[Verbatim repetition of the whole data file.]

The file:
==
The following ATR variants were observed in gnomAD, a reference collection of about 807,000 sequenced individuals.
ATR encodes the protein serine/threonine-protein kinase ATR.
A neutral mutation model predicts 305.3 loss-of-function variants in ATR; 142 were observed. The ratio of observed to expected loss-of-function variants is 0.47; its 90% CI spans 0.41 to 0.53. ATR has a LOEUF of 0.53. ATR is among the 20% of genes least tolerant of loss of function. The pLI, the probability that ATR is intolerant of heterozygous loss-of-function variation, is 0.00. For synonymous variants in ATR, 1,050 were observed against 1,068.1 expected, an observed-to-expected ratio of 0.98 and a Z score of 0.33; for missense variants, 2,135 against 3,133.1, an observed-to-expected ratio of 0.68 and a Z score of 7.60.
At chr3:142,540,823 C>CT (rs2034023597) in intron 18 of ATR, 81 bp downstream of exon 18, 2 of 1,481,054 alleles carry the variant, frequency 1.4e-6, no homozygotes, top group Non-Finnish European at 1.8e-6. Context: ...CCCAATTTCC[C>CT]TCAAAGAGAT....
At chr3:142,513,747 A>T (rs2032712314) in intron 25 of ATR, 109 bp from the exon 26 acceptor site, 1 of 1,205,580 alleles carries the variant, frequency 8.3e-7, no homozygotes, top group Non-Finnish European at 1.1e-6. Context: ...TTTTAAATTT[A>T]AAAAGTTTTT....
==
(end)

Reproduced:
The following ATR variants were observed in gnomAD, a reference collection of about 807,000 sequenced individuals.
ATR encodes the protein serine/threonine-protein kinase ATR.
A neutral mutation model predicts 305.3 loss-of-function variants in ATR; 142 were observed. The ratio of observed to expected loss-of-function variants is 0.47; its 90% CI spans 0.41 to 0.53. ATR has a LOEUF of 0.53. ATR is among the 20% of genes least tolerant of loss of function. The pLI, the probability that ATR is intolerant of heterozygous loss-of-function variation, is 0.00. For synonymous variants in ATR, 1,050 were observed against 1,068.1 expected, an observed-to-expected ratio of 0.98 and a Z score of 0.33; for missense variants, 2,135 against 3,133.1, an observed-to-expected ratio of 0.68 and a Z score of 7.60.
At chr3:142,540,823 C>CT (rs2034023597) in intron 18 of ATR, 81 bp downstream of exon 18, 2 of 1,481,054 alleles carry the variant, frequency 1.4e-6, no homozygotes, top group Non-Finnish European at 1.8e-6. Context: ...CCCAATTTCC[C>CT]TCAAAGAGAT....
At chr3:142,513,747 A>T (rs2032712314) in intron 25 of ATR, 109 bp from the exon 26 acceptor site, 1 of 1,205,580 alleles carries the variant, frequency 8.3e-7, no homozygotes, top group Non-Finnish European at 1.1e-6. Context: ...TTTTAAATTT[A>T]AAAAGTTTTT....